Now we can run through a few examples. The forward transformation of the first six letters of the alphabet is the start of our rotorICdefinition:

Input   : ABCDEFG
Forward : DMTWSIL
Backward: RTQAONV

If we put in the start of the rotorICdefinition, we get back the first six letters of the alphabet as the backward transformation:

Input   : DMTWSIL
Forward : WKBXZUN
Backward: ABCDEFG

If we go to the next step on the rotor, we get something very different:

Input   : next
Input   : ABCDEFG
Forward : MTWSILR
Backward: TQAONVY

But if we put in letters starting one before 'A', we get back our definition again:

Input   : ZABCDEF
Forward : DMTWSIL
Backward: RTQAONV

After going to the next step on the rotor 25 more times, we are back where we started:

Input   : next
(25 times total)
Input   : next
Input   : ABCDEFG
Forward : DMTWSIL
Backward: RTQAONV
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You need to test each of the rotor separately (or you can compose a convoluted expression to update them all at once but this is not readable):

type RotorState = (Int, Int, Int)

nextState :: RotorState -> RotorState
nextState (x, y, z)
  | x == 25 && y == 25 && z == 25 = (0, 0, 0)
  | y == 25 && z == 25 = (x + 1, 0, 0)
  | z == 25 = (x, y + 1, 0)
  | otherwise = (x, y, z+ 1)

To use, you would have a function like:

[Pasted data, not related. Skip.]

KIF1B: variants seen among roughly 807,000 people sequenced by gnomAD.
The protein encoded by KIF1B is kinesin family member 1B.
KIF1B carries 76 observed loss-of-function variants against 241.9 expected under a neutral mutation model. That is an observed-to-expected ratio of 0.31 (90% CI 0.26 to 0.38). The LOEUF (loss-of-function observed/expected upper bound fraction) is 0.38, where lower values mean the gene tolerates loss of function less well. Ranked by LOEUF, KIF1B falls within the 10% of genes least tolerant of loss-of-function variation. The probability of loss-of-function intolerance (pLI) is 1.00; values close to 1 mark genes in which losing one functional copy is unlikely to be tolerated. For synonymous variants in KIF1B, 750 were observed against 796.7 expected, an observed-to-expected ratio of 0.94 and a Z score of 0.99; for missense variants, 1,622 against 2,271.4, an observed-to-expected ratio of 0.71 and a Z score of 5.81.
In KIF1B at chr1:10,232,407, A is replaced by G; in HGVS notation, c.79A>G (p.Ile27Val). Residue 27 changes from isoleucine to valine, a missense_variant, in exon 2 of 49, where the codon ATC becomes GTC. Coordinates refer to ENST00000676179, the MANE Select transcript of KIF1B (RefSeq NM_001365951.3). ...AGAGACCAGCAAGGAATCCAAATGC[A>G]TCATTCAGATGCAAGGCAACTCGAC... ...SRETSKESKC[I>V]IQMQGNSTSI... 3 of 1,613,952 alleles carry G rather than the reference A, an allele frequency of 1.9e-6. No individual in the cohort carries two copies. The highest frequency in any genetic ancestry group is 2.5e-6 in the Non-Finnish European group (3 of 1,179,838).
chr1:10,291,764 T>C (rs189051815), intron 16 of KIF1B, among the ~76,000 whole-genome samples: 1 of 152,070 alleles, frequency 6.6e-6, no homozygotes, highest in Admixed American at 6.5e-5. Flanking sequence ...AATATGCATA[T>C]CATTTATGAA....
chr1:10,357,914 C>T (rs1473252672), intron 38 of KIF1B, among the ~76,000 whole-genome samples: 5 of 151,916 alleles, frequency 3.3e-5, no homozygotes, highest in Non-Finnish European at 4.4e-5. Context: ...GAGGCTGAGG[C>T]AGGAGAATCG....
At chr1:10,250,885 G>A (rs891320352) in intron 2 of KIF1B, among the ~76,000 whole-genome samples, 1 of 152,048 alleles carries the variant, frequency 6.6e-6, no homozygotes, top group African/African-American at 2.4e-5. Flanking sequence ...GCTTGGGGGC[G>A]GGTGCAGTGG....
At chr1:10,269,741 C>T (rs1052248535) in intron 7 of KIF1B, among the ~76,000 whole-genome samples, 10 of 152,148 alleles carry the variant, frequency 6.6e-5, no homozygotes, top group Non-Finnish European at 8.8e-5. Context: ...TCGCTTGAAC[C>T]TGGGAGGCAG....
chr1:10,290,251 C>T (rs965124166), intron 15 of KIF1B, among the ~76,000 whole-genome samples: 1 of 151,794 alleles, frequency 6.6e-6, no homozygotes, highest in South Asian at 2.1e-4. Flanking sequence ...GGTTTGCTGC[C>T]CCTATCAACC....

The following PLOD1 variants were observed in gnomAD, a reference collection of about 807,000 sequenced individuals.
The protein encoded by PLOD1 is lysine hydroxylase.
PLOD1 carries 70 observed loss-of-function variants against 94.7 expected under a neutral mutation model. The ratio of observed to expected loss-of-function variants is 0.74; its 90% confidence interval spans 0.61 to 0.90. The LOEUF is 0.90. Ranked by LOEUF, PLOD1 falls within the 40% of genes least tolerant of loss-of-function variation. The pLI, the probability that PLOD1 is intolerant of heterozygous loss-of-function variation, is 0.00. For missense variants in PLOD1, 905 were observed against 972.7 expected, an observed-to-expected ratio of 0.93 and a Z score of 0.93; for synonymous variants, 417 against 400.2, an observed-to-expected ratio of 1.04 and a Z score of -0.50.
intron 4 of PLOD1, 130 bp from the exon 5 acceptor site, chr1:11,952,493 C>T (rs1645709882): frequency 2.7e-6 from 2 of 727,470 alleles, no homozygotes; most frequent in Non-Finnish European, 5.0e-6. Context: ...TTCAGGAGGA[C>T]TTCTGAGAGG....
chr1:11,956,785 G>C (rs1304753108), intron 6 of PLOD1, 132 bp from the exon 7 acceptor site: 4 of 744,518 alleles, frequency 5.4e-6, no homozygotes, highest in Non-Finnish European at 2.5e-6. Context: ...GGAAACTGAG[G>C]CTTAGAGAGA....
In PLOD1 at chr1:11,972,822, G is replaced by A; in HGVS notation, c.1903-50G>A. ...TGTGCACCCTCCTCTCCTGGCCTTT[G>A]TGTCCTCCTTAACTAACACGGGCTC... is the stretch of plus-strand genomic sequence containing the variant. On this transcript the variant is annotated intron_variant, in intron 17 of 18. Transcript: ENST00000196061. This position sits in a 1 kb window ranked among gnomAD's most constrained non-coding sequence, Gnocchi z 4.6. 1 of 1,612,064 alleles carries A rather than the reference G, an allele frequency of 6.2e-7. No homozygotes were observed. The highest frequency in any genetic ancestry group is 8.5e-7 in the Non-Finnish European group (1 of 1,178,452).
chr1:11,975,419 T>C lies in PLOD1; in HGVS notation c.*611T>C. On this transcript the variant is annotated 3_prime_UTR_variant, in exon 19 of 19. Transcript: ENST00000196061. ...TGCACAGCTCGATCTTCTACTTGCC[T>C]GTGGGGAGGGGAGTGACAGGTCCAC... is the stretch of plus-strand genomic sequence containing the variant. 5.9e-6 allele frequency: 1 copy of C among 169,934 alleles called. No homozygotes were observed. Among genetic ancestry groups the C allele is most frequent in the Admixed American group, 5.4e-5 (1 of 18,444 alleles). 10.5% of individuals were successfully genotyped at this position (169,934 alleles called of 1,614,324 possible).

actUponRotor :: RotorState -> (RotorState, a)
actUponRotor r = (nextState r, undefined)

Where undefined stands for the computation to be done on current rotor position (outputting a single character or receiving one)

If you don't like to carry the state around explicitely, you might want to use the State monad like in:

actUponRotor' :: State RotorState a
actUponRotor' = do
  changeRotorState
  return undefined

changeRotorState :: State RotorState ()
changeRotorState = modify nextState
share|improve this answer
    
This is describing how the machine could keep track of when to rotate each rotor. Note that this rule could be completely independent of the rotors themselves, and how large those rotors are. Another similarly constructed machine could do something different like advance the first rotor 3 steps, the second rotor 5 steps, and the third rotor 7 steps between each character. –  Cirdec Nov 17 '13 at 23:56
    
Clearly. But this can still be solved with a nextState, prevState pair of functions :) –  Mihai Maruseac Nov 17 '13 at 23:59

You could use Haskell's generic equivalent of a counter in an imperative language.

Say you have some imperative code

def f(x) {
c = 0 ;

while ( c<k ) {
    x = g(x,c) ;
    c +=1; 

return z(x);
}

Haskell version would be

f x = f' 0 x where f' k x = z x ; f _ x = f (_+1) (g x ) 

so you could have the position of the rotors as an internal argument like that.

You could maybe also use pattern matching.

RotorState = (Int,Int,Int)
turnRotor :: RotorState ->RotorState
turnRotor (25, 25 , 25    )  = (0  , 0 ,  0)
turnRotor (_ , 25 , 25    )  = (_+1, 0 ,  0)
turnRotor (_ , __ , 25    )  = (_  , __+1,0)
turnRotor (_ , __  , ___  )  = (_  , __, ___+1)

Have fun! I hope this is helpful at all.

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1  
I tried to transform your "Haskell version" to something that's actual valid Haskell, but couldn't figure out what the precise equivalent of your imperative pseudocode is supposed to be. I think your intention might be quite good and substantial, but please add some type signatures etc. so we know what you actually mean. One particular thing to note: in Haskell, _ can't be a parameter, it's a special wildcard pattern to match anything that's thrown away. –  leftaroundabout Nov 17 '13 at 22:04